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History of Cost Segregation

Cost segregation evolved as the result of multiple court cases and IRS rulings. The body of knowledge is summarized in the Audit Techniques Guide (ATG), published by the IRS.

Component depreciation was a prior methodology that produced similar results via separating a building into components. These components often included the roof, plumbing, electrical and elevators. There were concerns some investors were using component depreciation in an abusive manner. As a result of the tax law changes in 1986, tax rates were lowered substantially but many tax reduction techniques (such as component depreciation) were eliminated.

From 1987 to 1996, there was a limited ability to depreciate any portion of a real estate separately. Some owners and tax practitioners experimented with assertions that portions of the cost basis were personal property (Section 1245) and not real estate (Section 1250).

The case for differentiating between personal property and real estate was HCA (Hospital Corporation of America). After this case was determined in 1996, the IRS decided not to appeal it. Depreciating real estate offered more potential for tax deductions and tax reductions.

The following is a summary of some of the items prescribed and the depreciable life in years:

Carpet 5 years
Vinyl Tile 5 years
Interior Signage 7 years
Parking Lot Striping 7 years
Paving 15 years
Landscaping 15 years
Sidewalks 15 years

The IRS has summarized their portion on cost segregation and its practice in the Audit Techniques Guide. While many real estate investors and tax practitioners are unfamiliar with the tax reduction benefits from using cost segregation, the IRS reports it is appropriate as the most accurate method to depreciate real estate.

Cost segregation produces tax deductions and reduces federal income taxes across the country and in every size market. Below are just a few examples of where cost segregation generates meaningful tax deductions.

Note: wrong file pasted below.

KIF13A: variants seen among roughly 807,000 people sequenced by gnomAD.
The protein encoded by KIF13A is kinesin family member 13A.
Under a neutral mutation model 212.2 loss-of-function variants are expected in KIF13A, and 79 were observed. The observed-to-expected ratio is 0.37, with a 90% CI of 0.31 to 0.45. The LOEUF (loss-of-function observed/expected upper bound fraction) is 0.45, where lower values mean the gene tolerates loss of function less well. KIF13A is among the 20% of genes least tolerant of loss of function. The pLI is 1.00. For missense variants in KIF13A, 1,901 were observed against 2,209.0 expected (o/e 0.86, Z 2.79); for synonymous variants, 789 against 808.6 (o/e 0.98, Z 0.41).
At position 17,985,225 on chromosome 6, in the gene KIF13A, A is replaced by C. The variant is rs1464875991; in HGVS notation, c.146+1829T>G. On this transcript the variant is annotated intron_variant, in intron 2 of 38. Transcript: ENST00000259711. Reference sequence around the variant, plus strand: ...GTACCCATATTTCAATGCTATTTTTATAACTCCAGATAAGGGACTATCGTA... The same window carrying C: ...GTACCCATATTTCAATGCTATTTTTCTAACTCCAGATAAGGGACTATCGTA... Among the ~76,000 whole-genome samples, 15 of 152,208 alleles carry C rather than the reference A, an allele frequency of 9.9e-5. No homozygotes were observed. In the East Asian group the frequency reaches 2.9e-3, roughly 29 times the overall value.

City:

  • Baltimore, MD
  • Atlanta, GA
  • Miami, FL
  • Los Angeles, CA
  • Memphis, TN
  • Las Vegas, NV
  • Washington, DC
  • Philadelphia, PA
  • New York, NY
  • Dallas/Ft. Worth, TX
  • Grand Rapids, MI
  • Detroit, MI
  • Rochester, NY
  • Greensboro, NC
  • Fresno, CA
  • Cincinnati, OH
  • Columbus, OH
  • Allentown, PA
  • Oklahoma City, OK
  • Dayton, OH
  • St. Louis, MO
  • Indianapolis, IN
  • Birmingham, AL
  • Charleston, SC
  • Louisville, KY
  • Lancaster, PA
  • Riverside, CA
  • Scranton, PA
  • Madison, WI
  • Chattanooga, TN

Cost segregation produces tax deductions for virtually all property types.

Property Type:

  • Daycare center
  • School
  • Bowling alley
  • Drugstore
  • Office warehouse
  • Racket club
  • Car wash facility
  • Auto dealer
  • Auto salvage yard
  • Skating rink

Almost every industry, including the following, can generate cost-efficient tax deductions by using cost segregation.

Industry:

  • Furniture stores
  • Day care facilities
  • Nondurable good wholesalers
  • Wood product manufacturing
  • Building supply dealers
  • Laundry facilities
  • Chemical manufacturing
  • Apparel manufacturing
  • Automotive repair facilities
  • Food and beverage stores

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